“The greatest thing is that I have an opportunity to represent the school, represent my family, represent my team in a way-which is really rewarding,” said Tarawhiti. “It’s really cool being able to travel across the nation and play high-competitive teams. That in and of itself is really rewarding…I (also) love my teammates. They help me whenever I’m in a slump or something. They keep it fun and they keep pushing me. I love the area, too. I love how UVU is just growing more and more. Being able to be a part of that is really cool.”
UVU’s volleyball team is in the middle of the pack in the WAC this year and is trying to get back to the WAC title game after making an appearance last year. Tarawhiti is sure to play a major role if they are able to accomplish that feat, as she is currently leading the WAC with 3.73 kills per set.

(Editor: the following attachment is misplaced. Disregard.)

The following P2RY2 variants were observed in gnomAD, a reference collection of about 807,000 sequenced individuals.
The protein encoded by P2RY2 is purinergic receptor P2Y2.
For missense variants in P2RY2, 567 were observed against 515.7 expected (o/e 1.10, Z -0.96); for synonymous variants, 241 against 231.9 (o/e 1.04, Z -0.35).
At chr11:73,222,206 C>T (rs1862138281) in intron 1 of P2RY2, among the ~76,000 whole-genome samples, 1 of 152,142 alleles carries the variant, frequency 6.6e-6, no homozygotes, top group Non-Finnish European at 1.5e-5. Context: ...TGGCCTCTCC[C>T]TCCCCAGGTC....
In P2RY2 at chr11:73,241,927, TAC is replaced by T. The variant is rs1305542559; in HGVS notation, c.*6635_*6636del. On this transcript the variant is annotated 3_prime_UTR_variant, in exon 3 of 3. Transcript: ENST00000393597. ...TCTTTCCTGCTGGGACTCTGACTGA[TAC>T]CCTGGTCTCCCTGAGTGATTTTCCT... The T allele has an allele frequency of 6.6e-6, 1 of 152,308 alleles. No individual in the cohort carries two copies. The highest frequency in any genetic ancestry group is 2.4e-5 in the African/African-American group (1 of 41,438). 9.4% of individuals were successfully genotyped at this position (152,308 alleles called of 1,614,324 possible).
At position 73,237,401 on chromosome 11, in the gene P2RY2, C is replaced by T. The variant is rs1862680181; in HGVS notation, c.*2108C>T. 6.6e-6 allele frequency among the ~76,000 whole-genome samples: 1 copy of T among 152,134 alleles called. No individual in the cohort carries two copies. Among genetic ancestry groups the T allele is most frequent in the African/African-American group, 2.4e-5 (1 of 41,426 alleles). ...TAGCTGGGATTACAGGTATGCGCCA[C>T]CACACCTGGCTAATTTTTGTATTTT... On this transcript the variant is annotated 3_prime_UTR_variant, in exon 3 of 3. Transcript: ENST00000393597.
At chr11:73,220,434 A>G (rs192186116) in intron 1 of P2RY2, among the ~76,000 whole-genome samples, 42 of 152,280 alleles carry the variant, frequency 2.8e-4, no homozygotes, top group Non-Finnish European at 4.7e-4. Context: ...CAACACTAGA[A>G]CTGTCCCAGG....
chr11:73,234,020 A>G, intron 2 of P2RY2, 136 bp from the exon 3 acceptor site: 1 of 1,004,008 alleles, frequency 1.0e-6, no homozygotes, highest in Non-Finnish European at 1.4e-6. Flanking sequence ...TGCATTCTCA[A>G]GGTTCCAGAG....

“Being able to remain consistent is something that will be really, really important for us throughout the whole match and the rest of the season,” said Tarawhiti. “Our team has a lot of grit … I’m hoping that we make it to the NCAA tournament, but again we have to take it one game at a time.”
Although Tarawhiti and her team has lofty expectations to finish this season, she keeps in mind what is most important and what she will cherish the most when her career is all said and done.
“A big reason why I came is to make an impact,” said Tarawhiti. “If I were to graduate and just look back and see how much the program has grown in my four years of being here that will be really rewarding. Just being able to reflect back on not only as a volleyball player but who I was as a person, hopefully being the person who I want to be, which is a kind, helpful person that anyone can come talk to. For the most part just looking back on my character rather than the stats and the accolades (is what’s most important).”